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To Harness or Not to Harness, that is the Question!

Updated: Jan 10, 2020

In the doggy world there are many debates. One debate is whether to use a harness or not use a harness. For some dog owners that is a difficult question. Whether you choose to use a harness or not, the choice is yours. Just like Tollers, no two harnesses are alike, and it may take time to find the right fit.

Originally, dog harnesses were used so that dogs could help humans in their work. Whether their harnesses helped them carry tools or pull heavy loads and sleds. Today, harnesses are primarily used to restrain or control dogs in some way. Although the primary use of the dog harness has changed, the popularity of harnesses has increased.

Dog Harness Pros

  • Harnesses can minimize neck and trachea injuries. Dogs who repeatedly pull against their collar while on leash can injure their neck. A harness can distribute any pressure more evenly. To be effective, knowing the physiology of your dog and ensuring a correct fit are key.

  • Harnesses can provide your dog a sense of security. For some dogs, the harness provides them with a sense of freedom while knowing they are safely connected to their dog owner.

  • Harnesses can be a useful support for dogs rehabilitating an injury. Dogs who have an injury or have a disability may find a harness useful in their rehabilitation or in accommodating their disability. However, all dog owners with dogs rehabilitating an injury or with a disability should always consult a veterinarian regarding using a harness in these cases.

  • Depending on the breed, harnesses may be the best option. Every dog breed has a different canine physiology. They were bred for a purpose. The result is that every dog’s physical needs differ from another breed's needs. Some breeds may be better suited to walking on harness instead of a traditional collar.

Dog Harness Cons

  • Harnesses are not designed to be worn 24/7. Generally, dogs are required to wear their identification, pet licence and rabies tags. Collars are designed for this and allow your dog to comfortably wear their identification 24/7, which is great if they slip their harness or leash and get lost.

  • Harnesses can constrain movement and impact joint development. Actions that can strain or constrain your puppy’s and your adult dog’s movement can impact their joint health and compromise their future health. That’s why all dog owners, regardless of their level of experience, should always consult your veterinarian first.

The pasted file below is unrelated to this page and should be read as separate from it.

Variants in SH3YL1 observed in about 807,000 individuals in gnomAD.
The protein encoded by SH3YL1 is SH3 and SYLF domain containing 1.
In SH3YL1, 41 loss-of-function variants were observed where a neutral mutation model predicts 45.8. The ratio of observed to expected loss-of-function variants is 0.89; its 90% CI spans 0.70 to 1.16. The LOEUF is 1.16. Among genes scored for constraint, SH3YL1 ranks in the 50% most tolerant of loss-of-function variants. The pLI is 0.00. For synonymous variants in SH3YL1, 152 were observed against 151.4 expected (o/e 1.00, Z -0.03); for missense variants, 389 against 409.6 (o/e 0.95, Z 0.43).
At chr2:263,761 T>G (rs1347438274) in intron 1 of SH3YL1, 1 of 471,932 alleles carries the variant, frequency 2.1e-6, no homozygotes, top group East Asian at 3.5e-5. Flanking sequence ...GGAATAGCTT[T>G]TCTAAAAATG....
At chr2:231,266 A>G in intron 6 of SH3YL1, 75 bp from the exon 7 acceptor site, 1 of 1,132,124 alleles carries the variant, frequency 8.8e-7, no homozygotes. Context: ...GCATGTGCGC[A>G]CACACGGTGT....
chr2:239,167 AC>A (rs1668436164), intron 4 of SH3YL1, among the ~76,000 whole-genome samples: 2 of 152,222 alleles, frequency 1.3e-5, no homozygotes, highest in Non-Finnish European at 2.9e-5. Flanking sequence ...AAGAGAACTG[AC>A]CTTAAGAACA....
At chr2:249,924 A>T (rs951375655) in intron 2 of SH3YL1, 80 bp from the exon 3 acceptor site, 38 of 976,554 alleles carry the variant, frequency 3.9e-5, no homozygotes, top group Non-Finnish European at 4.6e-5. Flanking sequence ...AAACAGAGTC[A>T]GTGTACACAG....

• Training your dog, especially with a back-clip harness, may not be as effective. The design of some harnesses can be counterproductive to training. Harnesses with only a back-clip make it harder to redirect your dog’s attention towards you when you need their focus and can undermine your training efforts.

  • Harnesses can give dog owners a false sense of control. Harnesses can give dog owners a false sense of control. Some dog owners may believe that their dogs are incapable of slipping a harness, until it happens. They also may feel that they don't need to practice proper leash etiquette because all they have to do is yank on the harness and the dog responds. This is not necessarily the case. In that moment the dog may slow but they aren't necessarily coming to heel through a process or positive training.

What’s in a Harness?

Lots of design and engineering goes into dog harnesses and there are a diversity of harnesses for dog owners to choose from.

In an informal Facebook poll of Nova Scotia Ducktolling Retriever (a.k.a. Toller) owners, we found that a slight majority of respondents owned 1 to 2 harnesses. This narrowly beat out the number of owners who end up owning 3 to 4 dog harnesses. So, before you go and buy a harness or buy another harness here’s some things to consider.

There are Three Basic Dog Harness Styles

Contemporary dog harnesses can be divided into three categories.

  • Breast Strap or Chest Harnesses. With these the main body of the harness goes around the dog’s chest and comes together at the back. H-back harnesses usually have a wide padded chest band across the chest. The primary purpose of these harnesses is related to tasks where dogs are pulling a load.

  • Y-Back Harnesses. The Y-back harness is shaped as the name suggests like the letter “Y”. A vertical band or strap comes up from the dog’s chest and splits at the top making a letter “Y”. The dog’s head and neck are positioned between and at the top of the “Y”.

  • Service Dog or Assistance Dog Harnesses. These are specialized harnesses that are fitted and custom designed to include their handler’s needs. An example of these types of harnesses would be the harnesses used with guide dogs.

Harness Materials

Traditionally, harnesses were leather. Today, harnesses come in various materials and levels of padding. You can get harnesses made of leather, nylon, cotton, hemp, soy, polyester and a mix of materials.

The majority of harnesses used by dog owners are made from nylon or nylon webbing with plastic and/or metal buckles. Some harness material will chaff a dog’s skin or cause an allergenic reaction. It’s important to be aware of the harness’s material and any allergies your dog may have.

When thinking about the harness’s material, your dog’s comfort is paramount. That’s why it’s important to consider:

  • What conditions will the harness be used in?

  • Will the harness be going in the water a lot?

  • What weather conditions will the harness be exposed to?

  • How will this material wear over time?